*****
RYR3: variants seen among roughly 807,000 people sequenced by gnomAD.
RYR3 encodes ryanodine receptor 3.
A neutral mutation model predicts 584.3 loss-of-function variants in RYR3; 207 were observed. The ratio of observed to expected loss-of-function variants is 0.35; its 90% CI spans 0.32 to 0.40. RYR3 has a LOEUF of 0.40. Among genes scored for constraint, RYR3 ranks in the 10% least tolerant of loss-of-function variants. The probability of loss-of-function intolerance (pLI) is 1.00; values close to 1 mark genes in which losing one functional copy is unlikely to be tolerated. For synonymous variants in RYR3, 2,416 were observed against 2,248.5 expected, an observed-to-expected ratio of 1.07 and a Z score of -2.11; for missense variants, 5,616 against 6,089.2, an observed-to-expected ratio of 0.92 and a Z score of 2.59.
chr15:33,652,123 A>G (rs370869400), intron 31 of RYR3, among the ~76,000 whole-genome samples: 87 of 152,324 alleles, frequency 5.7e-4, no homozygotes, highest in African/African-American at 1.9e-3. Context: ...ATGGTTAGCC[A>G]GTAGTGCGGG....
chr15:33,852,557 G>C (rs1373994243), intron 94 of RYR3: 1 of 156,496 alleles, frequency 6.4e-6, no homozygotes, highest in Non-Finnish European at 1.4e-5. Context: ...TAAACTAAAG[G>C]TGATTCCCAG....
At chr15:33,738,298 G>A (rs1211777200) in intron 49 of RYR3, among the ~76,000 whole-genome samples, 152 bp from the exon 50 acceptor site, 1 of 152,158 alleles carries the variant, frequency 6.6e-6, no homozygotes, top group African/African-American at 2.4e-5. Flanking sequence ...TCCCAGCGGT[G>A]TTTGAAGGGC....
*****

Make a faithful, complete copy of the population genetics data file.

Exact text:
RYR3: variants seen among roughly 807,000 people sequenced by gnomAD.
RYR3 encodes ryanodine receptor 3.
A neutral mutation model predicts 584.3 loss-of-function variants in RYR3; 207 were observed. The ratio of observed to expected loss-of-function variants is 0.35; its 90% CI spans 0.32 to 0.40. RYR3 has a LOEUF of 0.40. Among genes scored for constraint, RYR3 ranks in the 10% least tolerant of loss-of-function variants. The probability of loss-of-function intolerance (pLI) is 1.00; values close to 1 mark genes in which losing one functional copy is unlikely to be tolerated. For synonymous variants in RYR3, 2,416 were observed against 2,248.5 expected, an observed-to-expected ratio of 1.07 and a Z score of -2.11; for missense variants, 5,616 against 6,089.2, an observed-to-expected ratio of 0.92 and a Z score of 2.59.
chr15:33,652,123 A>G (rs370869400), intron 31 of RYR3, among the ~76,000 whole-genome samples: 87 of 152,324 alleles, frequency 5.7e-4, no homozygotes, highest in African/African-American at 1.9e-3. Context: ...ATGGTTAGCC[A>G]GTAGTGCGGG....
chr15:33,852,557 G>C (rs1373994243), intron 94 of RYR3: 1 of 156,496 alleles, frequency 6.4e-6, no homozygotes, highest in Non-Finnish European at 1.4e-5. Context: ...TAAACTAAAG[G>C]TGATTCCCAG....
At chr15:33,738,298 G>A (rs1211777200) in intron 49 of RYR3, among the ~76,000 whole-genome samples, 152 bp from the exon 50 acceptor site, 1 of 152,158 alleles carries the variant, frequency 6.6e-6, no homozygotes, top group African/African-American at 2.4e-5. Flanking sequence ...TCCCAGCGGT[G>A]TTTGAAGGGC....